'I hear that Ladies think it delightful reading, but that it does not do to talk about it, which no doubt promotes the sale.' For the first time online you can now read the full texts of nearly 800 letters Darwin wrote and received during 1871, the year in which his controversial first public statement on human evolution was published. The extraordinary number of letters reflects the excitement the book – Descent of man and selection in relation to sex – caused. All 2500 copies of the first printing sold immediately, and 5000 more copies were published during the year.
How do new species arise? This was the ancient question that Charles Darwin tackled soon after returning to England from the Beagle voyage in October 1836. Darwin realised a crucial (and cruel) fact: far more individuals of each species were born than could possibly survive.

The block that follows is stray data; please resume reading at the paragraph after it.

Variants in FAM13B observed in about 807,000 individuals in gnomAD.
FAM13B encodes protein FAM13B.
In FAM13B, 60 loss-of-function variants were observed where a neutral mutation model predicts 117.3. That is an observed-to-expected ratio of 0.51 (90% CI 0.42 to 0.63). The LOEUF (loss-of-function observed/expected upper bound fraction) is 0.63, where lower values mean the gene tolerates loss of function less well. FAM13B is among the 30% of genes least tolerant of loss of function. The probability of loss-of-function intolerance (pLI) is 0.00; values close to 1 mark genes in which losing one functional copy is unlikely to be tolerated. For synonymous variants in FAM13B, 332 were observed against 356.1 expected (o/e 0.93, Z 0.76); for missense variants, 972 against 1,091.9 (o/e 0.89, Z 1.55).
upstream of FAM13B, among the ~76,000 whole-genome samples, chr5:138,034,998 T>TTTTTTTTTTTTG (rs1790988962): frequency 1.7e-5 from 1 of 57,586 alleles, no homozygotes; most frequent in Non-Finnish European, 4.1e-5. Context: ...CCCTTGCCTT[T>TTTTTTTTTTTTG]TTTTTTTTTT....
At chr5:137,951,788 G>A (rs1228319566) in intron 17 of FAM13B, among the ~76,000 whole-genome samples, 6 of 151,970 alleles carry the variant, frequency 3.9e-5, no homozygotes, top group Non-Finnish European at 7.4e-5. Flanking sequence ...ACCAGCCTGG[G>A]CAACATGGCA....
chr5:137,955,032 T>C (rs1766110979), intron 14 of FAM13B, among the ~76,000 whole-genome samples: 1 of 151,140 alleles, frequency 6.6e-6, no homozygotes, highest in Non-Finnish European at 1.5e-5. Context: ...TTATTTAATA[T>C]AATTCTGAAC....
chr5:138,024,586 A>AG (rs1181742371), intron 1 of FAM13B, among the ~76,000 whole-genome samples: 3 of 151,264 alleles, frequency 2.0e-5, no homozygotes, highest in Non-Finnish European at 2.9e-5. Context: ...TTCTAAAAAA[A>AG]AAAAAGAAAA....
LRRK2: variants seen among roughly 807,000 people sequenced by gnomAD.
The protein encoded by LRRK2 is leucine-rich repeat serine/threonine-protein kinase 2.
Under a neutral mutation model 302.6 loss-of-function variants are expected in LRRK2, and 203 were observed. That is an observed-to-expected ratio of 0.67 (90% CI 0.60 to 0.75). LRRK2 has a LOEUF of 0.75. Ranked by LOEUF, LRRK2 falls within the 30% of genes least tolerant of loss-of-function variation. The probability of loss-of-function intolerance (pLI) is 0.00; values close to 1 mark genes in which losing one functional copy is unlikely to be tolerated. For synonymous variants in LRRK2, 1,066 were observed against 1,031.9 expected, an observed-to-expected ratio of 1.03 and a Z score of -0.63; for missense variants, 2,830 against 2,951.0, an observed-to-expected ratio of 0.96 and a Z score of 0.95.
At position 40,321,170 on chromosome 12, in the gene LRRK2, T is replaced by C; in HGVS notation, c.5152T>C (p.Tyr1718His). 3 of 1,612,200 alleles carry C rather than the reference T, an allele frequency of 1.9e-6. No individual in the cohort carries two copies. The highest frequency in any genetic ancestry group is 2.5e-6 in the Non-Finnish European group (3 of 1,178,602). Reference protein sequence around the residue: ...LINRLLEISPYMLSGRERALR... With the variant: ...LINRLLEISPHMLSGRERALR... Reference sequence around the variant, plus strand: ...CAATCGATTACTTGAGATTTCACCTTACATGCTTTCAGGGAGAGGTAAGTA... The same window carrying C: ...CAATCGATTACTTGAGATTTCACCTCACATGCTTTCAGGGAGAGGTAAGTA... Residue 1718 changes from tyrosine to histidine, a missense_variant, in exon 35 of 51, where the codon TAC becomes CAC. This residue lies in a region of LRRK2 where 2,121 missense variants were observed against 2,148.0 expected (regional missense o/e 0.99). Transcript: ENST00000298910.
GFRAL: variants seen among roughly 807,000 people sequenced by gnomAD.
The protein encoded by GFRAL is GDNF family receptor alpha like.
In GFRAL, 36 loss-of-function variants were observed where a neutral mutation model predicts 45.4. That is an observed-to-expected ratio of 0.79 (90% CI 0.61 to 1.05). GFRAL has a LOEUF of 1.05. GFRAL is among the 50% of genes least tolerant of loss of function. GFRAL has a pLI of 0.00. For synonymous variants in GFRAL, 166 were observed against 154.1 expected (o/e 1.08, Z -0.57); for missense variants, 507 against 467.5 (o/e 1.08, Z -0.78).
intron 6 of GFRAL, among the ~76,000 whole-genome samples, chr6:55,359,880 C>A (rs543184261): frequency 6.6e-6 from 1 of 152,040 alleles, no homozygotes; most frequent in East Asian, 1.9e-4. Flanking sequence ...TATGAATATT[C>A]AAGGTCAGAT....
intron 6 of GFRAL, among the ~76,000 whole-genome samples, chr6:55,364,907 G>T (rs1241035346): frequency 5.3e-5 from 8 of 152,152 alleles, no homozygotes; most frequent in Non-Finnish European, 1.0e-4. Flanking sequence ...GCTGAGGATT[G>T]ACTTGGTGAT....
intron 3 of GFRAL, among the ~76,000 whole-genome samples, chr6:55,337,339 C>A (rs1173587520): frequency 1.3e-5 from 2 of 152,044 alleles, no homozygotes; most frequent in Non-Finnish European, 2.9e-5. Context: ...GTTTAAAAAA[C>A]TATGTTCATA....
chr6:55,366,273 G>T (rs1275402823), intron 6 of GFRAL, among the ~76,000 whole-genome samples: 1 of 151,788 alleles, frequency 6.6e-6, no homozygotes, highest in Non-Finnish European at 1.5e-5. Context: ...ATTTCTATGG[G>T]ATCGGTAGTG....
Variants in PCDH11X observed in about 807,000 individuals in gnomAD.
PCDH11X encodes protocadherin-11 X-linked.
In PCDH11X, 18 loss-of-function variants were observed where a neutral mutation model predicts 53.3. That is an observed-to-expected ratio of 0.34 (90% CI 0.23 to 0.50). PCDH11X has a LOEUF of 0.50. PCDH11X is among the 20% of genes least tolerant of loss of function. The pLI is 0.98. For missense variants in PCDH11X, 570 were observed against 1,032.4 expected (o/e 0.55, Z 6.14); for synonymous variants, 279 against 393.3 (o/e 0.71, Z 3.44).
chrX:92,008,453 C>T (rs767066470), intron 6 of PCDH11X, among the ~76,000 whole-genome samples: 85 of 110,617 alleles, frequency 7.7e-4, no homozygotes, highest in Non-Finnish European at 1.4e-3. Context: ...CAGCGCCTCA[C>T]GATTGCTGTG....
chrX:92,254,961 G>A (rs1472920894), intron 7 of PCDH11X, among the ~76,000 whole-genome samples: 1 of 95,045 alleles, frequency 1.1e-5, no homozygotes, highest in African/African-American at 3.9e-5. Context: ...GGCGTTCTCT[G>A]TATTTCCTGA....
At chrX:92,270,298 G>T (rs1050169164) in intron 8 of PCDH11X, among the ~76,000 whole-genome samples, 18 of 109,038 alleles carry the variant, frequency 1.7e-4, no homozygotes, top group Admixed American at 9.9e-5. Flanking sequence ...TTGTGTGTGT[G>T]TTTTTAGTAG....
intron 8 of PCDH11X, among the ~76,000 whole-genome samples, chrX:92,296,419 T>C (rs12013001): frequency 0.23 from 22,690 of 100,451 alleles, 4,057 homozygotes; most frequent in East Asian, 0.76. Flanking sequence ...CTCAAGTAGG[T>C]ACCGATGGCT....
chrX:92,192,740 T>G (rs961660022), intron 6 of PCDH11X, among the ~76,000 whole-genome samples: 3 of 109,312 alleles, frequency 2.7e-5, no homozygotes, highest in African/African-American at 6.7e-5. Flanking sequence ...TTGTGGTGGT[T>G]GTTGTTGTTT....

'As for Mr Darwin, he is entirely fascinating…' In October 1868 Jane Gray and her husband spent several days as guests of the Darwins, and Jane wrote a charming account of the visit in a sixteen-page letter to her sister. She described Charles and Emma Darwin, their daughter Henrietta, Down House and its grounds, the daily routine of the household, and her own part in one of Darwin’s experiments.
Several letters refer to events at the British Association for the Advancement of Science held in Oxford, 26 June – 3 July 1860. Darwin had planned to attend the meeting but in the end was unable to. The most famous incident of the meeting was the verbal encounter between Samuel Wilberforce, bishop of Oxford, and Thomas Henry Huxley in a discussion of Darwin's theories. This account of the meeting has been drawn from the Athenæum, which provided the most complete contemporary report and which Darwin himself read.
Read and search the full texts of more than 8,500 of Charles Darwin’s letters, and ﬁnd information on 6,500 more. Discover complete transcripts of all known letters Darwin wrote and received up to the year 1871.